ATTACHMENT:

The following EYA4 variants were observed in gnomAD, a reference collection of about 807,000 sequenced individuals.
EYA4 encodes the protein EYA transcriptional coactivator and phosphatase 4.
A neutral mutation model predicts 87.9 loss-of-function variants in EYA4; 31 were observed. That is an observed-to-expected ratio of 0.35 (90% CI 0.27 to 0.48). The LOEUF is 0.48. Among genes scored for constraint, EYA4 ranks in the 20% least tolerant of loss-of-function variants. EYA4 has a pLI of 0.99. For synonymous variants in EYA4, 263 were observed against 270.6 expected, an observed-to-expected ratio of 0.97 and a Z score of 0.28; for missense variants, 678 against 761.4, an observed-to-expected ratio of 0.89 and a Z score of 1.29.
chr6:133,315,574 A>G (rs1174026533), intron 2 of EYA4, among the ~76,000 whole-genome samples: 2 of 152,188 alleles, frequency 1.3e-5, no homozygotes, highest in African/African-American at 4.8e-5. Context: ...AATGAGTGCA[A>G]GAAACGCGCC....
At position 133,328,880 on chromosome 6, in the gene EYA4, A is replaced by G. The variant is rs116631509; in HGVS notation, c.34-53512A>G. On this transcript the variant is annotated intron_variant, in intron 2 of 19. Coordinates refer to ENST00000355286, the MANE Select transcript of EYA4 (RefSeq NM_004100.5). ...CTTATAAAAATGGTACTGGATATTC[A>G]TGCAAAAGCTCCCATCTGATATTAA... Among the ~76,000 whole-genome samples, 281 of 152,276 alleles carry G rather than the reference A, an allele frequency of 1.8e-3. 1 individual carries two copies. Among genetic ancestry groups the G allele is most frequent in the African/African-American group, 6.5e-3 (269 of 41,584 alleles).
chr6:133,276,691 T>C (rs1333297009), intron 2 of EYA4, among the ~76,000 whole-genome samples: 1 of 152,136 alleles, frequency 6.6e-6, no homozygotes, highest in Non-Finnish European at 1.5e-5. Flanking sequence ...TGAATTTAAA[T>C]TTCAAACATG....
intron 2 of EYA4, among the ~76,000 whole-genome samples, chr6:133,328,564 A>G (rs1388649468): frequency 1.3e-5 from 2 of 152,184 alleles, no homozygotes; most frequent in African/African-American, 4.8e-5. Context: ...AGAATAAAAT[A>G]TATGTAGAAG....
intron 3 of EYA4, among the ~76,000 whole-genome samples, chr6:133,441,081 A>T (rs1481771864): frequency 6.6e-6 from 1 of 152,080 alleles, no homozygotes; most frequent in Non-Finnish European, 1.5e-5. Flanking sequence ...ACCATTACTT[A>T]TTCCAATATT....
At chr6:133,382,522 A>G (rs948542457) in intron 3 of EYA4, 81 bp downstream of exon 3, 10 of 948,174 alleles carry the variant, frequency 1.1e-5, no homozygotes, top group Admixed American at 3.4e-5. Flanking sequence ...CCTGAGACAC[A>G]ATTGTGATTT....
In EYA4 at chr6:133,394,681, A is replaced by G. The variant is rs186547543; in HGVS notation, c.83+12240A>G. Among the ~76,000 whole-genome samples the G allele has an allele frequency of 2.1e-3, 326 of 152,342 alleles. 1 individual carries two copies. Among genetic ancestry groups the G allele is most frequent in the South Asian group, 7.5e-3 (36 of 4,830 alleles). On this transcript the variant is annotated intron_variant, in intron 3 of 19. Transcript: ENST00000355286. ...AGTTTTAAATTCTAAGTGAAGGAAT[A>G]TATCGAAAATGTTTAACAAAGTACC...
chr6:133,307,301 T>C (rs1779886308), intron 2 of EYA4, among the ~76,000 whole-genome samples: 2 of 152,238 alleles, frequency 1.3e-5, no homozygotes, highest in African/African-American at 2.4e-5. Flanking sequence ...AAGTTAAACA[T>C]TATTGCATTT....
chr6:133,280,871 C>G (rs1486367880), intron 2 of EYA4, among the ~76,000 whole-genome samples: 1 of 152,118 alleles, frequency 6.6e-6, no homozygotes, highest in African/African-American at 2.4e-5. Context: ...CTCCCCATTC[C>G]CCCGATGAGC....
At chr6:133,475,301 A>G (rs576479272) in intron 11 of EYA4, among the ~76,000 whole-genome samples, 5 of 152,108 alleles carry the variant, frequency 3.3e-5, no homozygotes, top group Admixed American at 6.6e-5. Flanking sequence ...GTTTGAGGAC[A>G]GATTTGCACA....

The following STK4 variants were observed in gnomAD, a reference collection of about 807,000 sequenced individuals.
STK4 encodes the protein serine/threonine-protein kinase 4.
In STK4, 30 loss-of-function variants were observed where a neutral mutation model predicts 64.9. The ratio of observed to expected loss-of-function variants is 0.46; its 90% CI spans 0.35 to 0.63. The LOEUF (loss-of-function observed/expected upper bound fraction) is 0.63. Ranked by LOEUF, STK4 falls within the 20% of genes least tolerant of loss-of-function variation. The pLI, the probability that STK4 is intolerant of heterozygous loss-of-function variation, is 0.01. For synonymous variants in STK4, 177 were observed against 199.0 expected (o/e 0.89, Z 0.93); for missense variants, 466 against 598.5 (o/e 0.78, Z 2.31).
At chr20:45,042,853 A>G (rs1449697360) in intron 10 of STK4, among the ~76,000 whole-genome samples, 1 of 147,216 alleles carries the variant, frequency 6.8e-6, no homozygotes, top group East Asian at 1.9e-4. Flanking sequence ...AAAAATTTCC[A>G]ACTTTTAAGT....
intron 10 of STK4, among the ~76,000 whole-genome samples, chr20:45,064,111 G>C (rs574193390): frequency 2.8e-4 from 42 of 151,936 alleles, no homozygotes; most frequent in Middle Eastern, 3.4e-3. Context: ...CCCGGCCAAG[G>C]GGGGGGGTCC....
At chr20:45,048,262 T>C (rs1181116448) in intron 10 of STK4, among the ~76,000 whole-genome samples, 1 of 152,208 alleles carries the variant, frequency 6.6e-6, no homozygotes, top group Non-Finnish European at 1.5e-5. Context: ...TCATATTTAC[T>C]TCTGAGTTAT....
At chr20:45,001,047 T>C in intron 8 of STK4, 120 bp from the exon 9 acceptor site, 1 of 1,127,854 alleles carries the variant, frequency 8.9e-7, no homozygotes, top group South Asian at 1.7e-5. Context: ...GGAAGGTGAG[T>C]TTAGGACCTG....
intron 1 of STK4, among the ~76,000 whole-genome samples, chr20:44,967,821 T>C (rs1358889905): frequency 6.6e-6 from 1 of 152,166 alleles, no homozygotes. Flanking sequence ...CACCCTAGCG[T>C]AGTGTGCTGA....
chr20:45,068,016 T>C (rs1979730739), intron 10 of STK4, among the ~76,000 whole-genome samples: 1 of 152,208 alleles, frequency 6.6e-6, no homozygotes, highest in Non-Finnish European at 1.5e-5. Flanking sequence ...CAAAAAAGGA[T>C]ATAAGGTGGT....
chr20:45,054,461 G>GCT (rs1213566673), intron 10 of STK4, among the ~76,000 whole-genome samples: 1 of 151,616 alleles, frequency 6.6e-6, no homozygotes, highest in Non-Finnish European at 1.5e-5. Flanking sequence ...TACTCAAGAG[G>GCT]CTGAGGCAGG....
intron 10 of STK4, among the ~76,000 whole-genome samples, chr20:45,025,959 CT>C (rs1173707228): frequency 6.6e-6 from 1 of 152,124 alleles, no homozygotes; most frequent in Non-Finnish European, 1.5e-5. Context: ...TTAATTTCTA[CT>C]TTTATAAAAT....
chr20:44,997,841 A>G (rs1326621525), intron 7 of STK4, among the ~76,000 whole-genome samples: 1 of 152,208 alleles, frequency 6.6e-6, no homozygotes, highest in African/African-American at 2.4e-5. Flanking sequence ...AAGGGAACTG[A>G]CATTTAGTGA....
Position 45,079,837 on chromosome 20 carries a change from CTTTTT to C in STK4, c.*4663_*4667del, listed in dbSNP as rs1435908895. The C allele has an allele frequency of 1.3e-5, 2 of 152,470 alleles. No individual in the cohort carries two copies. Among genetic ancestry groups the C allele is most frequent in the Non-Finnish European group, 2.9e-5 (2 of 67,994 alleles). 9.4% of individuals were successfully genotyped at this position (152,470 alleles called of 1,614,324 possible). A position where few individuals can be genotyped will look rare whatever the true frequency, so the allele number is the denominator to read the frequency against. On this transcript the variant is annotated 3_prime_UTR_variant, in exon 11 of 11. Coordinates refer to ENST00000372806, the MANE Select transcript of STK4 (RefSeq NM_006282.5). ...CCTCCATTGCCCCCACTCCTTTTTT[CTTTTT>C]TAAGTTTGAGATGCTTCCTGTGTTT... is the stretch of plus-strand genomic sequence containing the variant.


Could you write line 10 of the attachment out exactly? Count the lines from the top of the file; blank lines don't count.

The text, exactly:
In EYA4 at chr6:133,394,681, A is replaced by G. The variant is rs186547543; in HGVS notation, c.83+12240A>G. Among the ~76,000 whole-genome samples the G allele has an allele frequency of 2.1e-3, 326 of 152,342 alleles. 1 individual carries two copies. Among genetic ancestry groups the G allele is most frequent in the South Asian group, 7.5e-3 (36 of 4,830 alleles). On this transcript the variant is annotated intron_variant, in intron 3 of 19. Transcript: ENST00000355286. ...AGTTTTAAATTCTAAGTGAAGGAAT[A>G]TATCGAAAATGTTTAACAAAGTACC...